The United Nations is using before-and-after satellite imagery to monitor the cultural destruction inflicted by Russia’s war in Ukraine, announcing Wednesday it will launch its tracking platform publicly within days.
The UN’s culture agency UNESCO said it had verified damage to 207 cultural sites in Ukraine since the Russian invasion on February 24.
They include 88 religious sites, 15 museums, 76 buildings of historical and or artistic interest, 18 monuments and 10 libraries.
“Our conclusion is it’s bad, and it may continue to get even worse,” UNESCO’s cultural and emergencies director Krista Pikkat told reporters at a briefing in Geneva.
So far in the war, none of the seven world heritage sites have been damaged.
UNESCO — the UN Educational, Scientific and Cultural Organization — has joined forces with the UN Satellite Centre UNOSAT.
Based on reports on the ground, UNESCO sends a list of potentially damaged sites to UNOSAT. It then asks for satellite images from commercial suppliers and a small team of experts studies the difference in before-and-after pictures.
The team matches up the images and is then able to give a time window in which the damage took place.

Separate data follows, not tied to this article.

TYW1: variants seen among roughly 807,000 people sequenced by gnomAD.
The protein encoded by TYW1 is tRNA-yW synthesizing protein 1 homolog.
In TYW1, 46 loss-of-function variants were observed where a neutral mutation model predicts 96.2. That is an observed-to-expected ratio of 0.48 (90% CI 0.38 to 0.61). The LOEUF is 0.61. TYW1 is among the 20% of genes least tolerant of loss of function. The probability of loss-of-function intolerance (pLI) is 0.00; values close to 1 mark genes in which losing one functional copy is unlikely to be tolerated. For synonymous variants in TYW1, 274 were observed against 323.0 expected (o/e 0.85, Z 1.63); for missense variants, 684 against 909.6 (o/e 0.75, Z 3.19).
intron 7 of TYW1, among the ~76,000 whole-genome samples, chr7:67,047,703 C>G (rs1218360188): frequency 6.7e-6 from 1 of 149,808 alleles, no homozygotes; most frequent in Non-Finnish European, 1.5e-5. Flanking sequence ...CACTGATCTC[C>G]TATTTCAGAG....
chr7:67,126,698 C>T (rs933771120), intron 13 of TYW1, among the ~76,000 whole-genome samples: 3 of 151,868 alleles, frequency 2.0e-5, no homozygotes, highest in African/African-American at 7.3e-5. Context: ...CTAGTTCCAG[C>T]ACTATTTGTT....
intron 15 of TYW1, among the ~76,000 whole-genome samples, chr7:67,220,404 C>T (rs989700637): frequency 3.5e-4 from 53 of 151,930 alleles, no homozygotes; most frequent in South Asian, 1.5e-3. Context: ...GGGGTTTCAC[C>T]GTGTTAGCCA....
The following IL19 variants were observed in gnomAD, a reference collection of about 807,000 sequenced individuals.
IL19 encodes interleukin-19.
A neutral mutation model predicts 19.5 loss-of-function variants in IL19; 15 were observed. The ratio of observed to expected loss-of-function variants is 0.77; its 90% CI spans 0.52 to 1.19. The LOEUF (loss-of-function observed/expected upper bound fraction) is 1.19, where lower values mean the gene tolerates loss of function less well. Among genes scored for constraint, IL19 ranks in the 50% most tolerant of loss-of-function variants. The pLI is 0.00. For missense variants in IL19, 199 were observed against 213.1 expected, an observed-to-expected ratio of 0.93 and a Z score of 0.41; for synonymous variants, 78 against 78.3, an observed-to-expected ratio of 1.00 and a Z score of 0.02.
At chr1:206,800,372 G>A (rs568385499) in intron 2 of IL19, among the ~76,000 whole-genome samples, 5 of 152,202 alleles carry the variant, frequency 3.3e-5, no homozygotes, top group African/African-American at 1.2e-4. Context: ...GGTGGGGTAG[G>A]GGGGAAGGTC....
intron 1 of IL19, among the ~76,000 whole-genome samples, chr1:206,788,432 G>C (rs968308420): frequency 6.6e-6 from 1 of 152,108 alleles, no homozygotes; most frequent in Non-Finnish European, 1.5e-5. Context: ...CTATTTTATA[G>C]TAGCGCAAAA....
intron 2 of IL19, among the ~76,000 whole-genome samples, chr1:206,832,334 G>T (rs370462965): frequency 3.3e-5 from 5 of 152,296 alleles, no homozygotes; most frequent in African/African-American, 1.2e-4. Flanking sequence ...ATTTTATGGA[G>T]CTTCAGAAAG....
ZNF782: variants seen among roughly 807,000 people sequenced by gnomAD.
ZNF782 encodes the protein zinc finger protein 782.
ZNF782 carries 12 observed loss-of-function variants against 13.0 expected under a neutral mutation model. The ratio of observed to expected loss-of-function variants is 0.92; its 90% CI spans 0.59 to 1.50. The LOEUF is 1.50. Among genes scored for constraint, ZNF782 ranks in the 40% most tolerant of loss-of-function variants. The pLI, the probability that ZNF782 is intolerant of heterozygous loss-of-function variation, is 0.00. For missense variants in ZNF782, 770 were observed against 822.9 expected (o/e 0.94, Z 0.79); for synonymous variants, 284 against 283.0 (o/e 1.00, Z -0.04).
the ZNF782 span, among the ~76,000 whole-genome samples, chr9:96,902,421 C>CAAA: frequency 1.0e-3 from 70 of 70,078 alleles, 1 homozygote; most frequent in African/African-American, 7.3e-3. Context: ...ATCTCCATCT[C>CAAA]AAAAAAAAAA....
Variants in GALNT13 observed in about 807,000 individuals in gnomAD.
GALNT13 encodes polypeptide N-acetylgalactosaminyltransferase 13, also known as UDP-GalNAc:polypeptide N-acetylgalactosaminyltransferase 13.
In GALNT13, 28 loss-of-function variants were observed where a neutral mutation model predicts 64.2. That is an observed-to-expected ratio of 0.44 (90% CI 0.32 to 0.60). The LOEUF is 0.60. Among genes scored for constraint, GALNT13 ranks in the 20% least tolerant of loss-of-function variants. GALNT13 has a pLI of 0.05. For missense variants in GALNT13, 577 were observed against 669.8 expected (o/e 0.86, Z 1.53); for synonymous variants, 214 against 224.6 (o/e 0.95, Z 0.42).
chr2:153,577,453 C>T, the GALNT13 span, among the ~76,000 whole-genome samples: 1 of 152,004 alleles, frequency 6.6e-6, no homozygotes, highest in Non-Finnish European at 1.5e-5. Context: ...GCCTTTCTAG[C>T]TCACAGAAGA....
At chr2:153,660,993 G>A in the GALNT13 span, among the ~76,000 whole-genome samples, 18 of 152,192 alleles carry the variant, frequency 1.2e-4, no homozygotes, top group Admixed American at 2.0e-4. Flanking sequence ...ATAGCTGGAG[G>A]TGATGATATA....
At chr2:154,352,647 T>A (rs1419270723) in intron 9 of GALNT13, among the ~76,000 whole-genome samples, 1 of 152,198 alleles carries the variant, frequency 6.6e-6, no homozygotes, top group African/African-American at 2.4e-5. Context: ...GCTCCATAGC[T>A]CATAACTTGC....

It does not attribute blame for the damage.
“This is a kind of pilot experiment to see how we can usefully compile this information, and possibly in the long term, the ambition would be to widen the scope beyond Ukraine and take the tool to a global level so we can really have a kind of real-time, interactive tool for our experts,” said Pikkat.
UNESCO is also working with museums and collections in Ukraine to try to combat against the threat of looting — a common problem in war.
UNESCO has been discussing with Kyiv about possibly removing cultural heritage items from the country for the duration of the war, but Pikkat acknowledged that it was a “difficult call”, with the first move being to evacuate collections to safer parts of Ukraine.
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